A “Connected System” Approach to Collaboration

Photo by Clint Adair on Unsplash

Photo by Clint Adair on Unsplash

While the underlying chat technologies within Microsoft Teams, Slack, and other competitors have been around for decades, the advent of the cloud and the rapid adoption of artificial intelligence capabilities within the enterprise have moved us into a new era of end user productivity. While the past 20 years of information technology have largely been focused on broad, system-based solutions designed to process and “templatize” data through centralized and sometimes rigidly constructed, governance-heavy content management platforms, the next step in technological evolution will instead revolve around the end user. Command-and-control systems will be displaced by personalized solutions, process and templates replaced by frameworks and standards through which social signals and data will be consumed through dynamic and mobile applications that work with, and across, any device. In this next phase of enterprise collaboration, successful organizations will harness these personalized applications and platforms and turn their focus toward improving the end user experience.

How teams collaborate and connect are changing. Tools that overtly manage and manipulate content are becoming more seamless and integrated, and the lines between the tools we use at work and at home or blurring. While some of these new capabilities are released as standalone products, many of the more powerful tools and services are becoming ubiquitous — tools for the desktop finding their way into our personal devices this blending helps minimize the learning curves that end users spend less time figuring out how to use the technology, and more time focusing on business productivity.

There’s a great quote back from 2014 from former AIIM.org president John Mancini talking about the world of content management moving from a “system of record” to a “system of engagement” model. He stated:

“Forrester talks about how the combination of cloud, SaaS, mobile, social, and analytics dramatically changes the nature of collaboration making it possible for the first time to truly address all of the grey areas of our business processes. They called this opportunity “smart process applications” and I think there is a great deal to this line of thought. Every industry has processes that, at first glance, seem automated. And at the surface level they are. But the reality beneath the surface is that most processes have countless branches and outcroppings where right now a lot of manual and ad hoc collaboration occurs. It is in the automation of these “exceptions” that enormous opportunity lies.”

One key failure of most content and knowledge management strategies is the tie to infrastructure and line-of-business integrations, architected in a way that does not allow the organization to quickly adapt and change as the needs of the business change. The future of collaboration will not see fewer of these connections — in fact, the complexity of systems and datasets tide to the enterprise will only increase, from transactional systems like customer relationship management and ticketing systems, to more dynamic data signals from purchasing behavior, geographic information systems, and public and organizational social interactions.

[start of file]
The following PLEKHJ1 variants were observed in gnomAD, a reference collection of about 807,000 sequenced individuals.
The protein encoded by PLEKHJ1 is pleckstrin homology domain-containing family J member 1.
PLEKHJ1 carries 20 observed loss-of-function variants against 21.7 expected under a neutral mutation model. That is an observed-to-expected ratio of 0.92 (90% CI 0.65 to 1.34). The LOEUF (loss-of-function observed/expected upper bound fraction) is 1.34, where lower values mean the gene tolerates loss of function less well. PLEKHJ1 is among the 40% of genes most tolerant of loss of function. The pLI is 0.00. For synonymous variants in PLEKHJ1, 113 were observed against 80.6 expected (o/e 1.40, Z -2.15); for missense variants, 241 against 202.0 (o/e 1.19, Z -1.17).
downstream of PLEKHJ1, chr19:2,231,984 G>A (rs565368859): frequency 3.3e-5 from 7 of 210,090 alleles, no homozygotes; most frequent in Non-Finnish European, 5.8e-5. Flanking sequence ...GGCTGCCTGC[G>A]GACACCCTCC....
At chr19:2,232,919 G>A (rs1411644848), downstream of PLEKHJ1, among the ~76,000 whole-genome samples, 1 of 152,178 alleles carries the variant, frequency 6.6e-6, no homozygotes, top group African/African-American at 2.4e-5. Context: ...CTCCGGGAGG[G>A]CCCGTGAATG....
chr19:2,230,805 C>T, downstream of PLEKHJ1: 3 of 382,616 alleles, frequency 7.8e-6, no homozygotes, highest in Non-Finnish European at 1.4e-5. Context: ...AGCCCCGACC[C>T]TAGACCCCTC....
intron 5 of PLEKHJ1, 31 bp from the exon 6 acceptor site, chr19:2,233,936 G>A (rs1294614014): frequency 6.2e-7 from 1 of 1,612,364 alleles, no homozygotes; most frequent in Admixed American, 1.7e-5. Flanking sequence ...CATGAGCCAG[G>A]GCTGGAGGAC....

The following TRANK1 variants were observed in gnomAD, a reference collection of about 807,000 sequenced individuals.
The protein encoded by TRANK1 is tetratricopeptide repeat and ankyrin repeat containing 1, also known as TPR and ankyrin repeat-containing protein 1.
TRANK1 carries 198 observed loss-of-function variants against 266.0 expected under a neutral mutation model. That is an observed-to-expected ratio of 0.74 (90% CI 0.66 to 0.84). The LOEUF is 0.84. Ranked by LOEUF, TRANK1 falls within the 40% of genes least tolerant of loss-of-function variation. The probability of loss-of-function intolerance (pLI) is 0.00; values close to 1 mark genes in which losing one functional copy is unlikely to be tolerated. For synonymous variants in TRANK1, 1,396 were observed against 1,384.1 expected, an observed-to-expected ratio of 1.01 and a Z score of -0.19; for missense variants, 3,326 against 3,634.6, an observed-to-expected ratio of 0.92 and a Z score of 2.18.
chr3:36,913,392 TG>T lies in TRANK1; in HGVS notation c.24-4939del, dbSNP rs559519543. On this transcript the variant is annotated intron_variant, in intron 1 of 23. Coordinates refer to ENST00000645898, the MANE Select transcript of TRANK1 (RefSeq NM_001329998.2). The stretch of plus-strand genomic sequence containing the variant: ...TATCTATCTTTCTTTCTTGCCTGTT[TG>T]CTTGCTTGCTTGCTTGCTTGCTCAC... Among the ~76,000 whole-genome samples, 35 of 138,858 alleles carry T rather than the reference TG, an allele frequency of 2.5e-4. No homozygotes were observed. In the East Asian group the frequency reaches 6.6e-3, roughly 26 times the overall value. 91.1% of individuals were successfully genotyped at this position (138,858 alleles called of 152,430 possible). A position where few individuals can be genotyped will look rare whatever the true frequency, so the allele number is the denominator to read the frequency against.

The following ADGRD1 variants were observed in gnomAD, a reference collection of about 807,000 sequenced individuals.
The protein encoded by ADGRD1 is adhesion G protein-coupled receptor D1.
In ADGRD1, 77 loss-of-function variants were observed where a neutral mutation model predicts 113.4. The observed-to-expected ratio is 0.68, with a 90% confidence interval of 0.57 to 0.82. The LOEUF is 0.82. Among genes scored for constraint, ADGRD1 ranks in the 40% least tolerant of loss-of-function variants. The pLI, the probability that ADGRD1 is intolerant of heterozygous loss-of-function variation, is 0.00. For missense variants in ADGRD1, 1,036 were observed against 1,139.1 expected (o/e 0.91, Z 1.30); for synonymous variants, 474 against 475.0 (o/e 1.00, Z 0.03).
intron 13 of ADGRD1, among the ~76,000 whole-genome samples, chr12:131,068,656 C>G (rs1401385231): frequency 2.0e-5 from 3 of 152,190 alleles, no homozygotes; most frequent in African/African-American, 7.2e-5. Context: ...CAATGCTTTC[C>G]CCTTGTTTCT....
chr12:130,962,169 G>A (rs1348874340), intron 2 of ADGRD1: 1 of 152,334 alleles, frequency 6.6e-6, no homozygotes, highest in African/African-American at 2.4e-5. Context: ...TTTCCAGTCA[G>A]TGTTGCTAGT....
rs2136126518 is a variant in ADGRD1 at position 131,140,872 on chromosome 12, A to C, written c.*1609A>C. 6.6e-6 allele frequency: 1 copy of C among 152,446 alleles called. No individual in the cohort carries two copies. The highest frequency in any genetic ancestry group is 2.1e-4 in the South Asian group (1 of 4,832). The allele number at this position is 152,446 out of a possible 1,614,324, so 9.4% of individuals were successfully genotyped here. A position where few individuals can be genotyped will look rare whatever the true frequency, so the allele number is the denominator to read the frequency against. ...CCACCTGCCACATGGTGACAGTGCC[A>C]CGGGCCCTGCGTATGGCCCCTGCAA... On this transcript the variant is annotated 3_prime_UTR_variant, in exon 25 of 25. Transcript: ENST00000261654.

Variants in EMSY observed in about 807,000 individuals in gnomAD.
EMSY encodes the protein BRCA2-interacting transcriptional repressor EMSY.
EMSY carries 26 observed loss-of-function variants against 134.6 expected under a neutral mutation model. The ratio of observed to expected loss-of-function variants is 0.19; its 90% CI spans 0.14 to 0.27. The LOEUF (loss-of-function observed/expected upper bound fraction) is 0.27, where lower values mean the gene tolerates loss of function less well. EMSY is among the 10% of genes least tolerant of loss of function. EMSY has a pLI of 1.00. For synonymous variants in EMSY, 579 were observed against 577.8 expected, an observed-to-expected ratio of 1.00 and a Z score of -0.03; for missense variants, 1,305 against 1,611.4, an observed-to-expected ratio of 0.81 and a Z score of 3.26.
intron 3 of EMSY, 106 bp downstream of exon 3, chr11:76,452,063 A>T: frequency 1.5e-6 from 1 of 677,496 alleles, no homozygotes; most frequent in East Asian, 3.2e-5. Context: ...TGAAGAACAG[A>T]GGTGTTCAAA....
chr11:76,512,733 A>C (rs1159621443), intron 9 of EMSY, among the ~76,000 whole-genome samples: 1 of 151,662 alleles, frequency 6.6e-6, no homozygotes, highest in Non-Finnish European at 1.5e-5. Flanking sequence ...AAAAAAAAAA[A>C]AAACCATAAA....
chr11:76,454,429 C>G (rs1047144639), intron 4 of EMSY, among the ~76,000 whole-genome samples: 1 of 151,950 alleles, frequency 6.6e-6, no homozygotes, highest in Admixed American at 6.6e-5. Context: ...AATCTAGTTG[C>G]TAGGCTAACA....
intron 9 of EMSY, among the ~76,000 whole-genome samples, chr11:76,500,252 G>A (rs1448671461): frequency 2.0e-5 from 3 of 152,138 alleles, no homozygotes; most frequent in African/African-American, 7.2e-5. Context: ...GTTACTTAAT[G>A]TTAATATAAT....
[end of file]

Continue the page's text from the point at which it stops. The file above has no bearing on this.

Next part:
According to IDC, the size of a typical SharePoint environment is just over one terabyte of content, with growth rates of 50% to 75% annually. On top of that, end user needs are constantly maturing, changing at an equal or greater rate than the systems they are using. Our ability to adapt and grow beyond the scope of our tools outpaces the speed at which our organizations can deploy these solutions. To remain competitive — and to retain top talent — organizations need to do a better job at providing solutions that allow end users to quickly leverage the latest and greatest technologies, and the most relevant content.

The goal is to create a “connected system” where knowledge and innovation are “crowd-sourced” from across the network, and the best ideas and solutions are contributed from the organization, and to clients. By leveraging the power of this connected system, information will be more accurate and relevant because employees are more engaged and able to leverage their strengths and knowledge, as fits each customer scenario.

Christian Buckley

Christian is the Microsoft GTM Director for AvePoint Inc., and a Microsoft Regional Director and Office Apps & Services MVP based in Silicon Slopes (Lehi), Utah. He hosts the AvePoint Office 365 Hours (#O365hours) series, monthly #CollabTalk TweetJam, the #CollabTalk Podcast, and leads the monthly Microsoft 365 Ask-Me-Anything (#M365AMA) live stream. He is based in Lehi, Utah (Silicon Slopes).